The city’s “newest” ladder truck is already down for the count, and there’s no telling at this point for how long, according to fire chief Peter McMichael.
The truck in question is the 1994 Simon Duplex LTI ladder truck apparatus that was purchased from Westerly for $25,750 almost exactly two months ago in May.
At the time of its purchase by Warwick, the truck had just 18,811 miles on it despite being 25 years old, and was heralded by city councilmen and Mayor Joseph Solomon (who helped barter the negotiation for the truck) as a savvy, cost-effective stop-gap measure to become the replacement for Ladder 1 – a 1998 truck stationed at the department’s headquarters in Apponaug – which faced upwards of $125,000 in repairs to get back onto the road.
A similar ladder truck purchased new would have cost the city between $850,000 and $1 million – as was discussed at the time of the truck’s purchase.
McMichael confirmed on Tuesday that the 1994 truck was being looked at by mechanics to assess why it was “bogging down” while running, but couldn’t attribute it to something other than “a mechanical issue” at this point in time. Other sources have indicated that a piston within the engine had a catastrophic malfunction.
The ladder truck had to pass an inspection prior to being approved for purchase, which it passed. Mayor Solomon spoke about the issue during an interview on Wednesday.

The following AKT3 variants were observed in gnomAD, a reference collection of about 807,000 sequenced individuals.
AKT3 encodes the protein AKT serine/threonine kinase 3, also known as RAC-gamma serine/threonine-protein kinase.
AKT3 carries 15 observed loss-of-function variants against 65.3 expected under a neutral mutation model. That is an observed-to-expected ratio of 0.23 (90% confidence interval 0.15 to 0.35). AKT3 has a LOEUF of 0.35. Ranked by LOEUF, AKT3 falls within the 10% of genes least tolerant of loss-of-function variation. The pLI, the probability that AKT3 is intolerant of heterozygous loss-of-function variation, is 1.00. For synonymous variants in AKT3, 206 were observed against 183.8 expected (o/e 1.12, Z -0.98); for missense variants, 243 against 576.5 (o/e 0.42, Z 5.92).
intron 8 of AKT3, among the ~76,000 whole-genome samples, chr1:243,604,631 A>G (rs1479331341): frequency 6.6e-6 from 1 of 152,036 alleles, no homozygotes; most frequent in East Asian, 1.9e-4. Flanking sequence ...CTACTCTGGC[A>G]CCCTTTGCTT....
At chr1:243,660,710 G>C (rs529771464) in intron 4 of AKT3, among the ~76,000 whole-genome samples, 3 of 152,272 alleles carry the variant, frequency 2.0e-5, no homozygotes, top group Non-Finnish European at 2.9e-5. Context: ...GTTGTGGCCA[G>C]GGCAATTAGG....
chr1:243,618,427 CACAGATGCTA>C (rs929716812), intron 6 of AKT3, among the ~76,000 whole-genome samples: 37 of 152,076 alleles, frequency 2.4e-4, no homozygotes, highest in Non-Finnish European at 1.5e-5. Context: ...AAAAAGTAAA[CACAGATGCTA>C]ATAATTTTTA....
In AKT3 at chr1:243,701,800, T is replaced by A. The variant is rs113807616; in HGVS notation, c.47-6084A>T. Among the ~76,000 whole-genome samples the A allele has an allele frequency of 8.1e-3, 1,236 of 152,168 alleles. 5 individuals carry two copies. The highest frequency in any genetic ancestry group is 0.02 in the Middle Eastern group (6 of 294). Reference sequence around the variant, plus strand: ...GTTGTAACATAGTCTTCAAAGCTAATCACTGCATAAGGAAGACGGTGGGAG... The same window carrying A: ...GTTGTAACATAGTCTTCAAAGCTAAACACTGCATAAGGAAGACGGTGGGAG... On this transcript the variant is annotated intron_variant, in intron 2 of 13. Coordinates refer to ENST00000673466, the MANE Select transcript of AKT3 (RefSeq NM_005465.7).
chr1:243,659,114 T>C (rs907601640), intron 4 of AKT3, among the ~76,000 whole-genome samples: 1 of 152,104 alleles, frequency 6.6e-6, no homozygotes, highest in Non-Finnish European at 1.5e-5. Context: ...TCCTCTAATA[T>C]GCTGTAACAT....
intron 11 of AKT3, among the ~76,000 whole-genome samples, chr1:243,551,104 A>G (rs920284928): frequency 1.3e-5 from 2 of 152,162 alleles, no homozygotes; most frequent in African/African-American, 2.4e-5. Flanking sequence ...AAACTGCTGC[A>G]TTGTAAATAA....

“I don’t know what happened there,” he said. “I know that we have an outstanding piece – a 20,000-mile vehicle that encountered some type of mishap. They’re looking into it and it will be somehow repaired and restored into service.”
Solomon wouldn’t conjecture as to the cause of the engine malfunction outside of it being an “accident.”
“This was a great piece of apparatus, and what occurred hasn’t been known to occur in an engine with 20,000 miles. I guess accidents do happen and I’ll just let them deal with it. It’s not lost. We still saved the million dollars,” he said. “I can’t formulate any conclusion myself on this because I don’t possess the facts to do so. If there was something other than [an accident that contributed to the engine failing], I’m sure it would come to light.”
At the time of its purchase, McMichael said, “I’m under no misconception that this is a 10-year vehicle, but what I’m hoping to do is put this on the front for a couple years and find a new piece and then use it as a reserve.”
On Tuesday, he expressed his frustration at the situation.
“No one is more disappointed than I am,” McMichael said. “Hopefully it’s nothing too major. This is part of the problem when you buy something that is pre-owned.”
Fire Union Chief Michael Carreiro said he was thankful nobody was injured when the truck broke down. He said that the Warwick Fire Department had already put on between two and three thousand miles on the truck since it went into service in May. He wondered if the truck’s quick transition from low usage in Westerly and then going “from zero to one hundred” in Warwick contributed to the engine’s failure.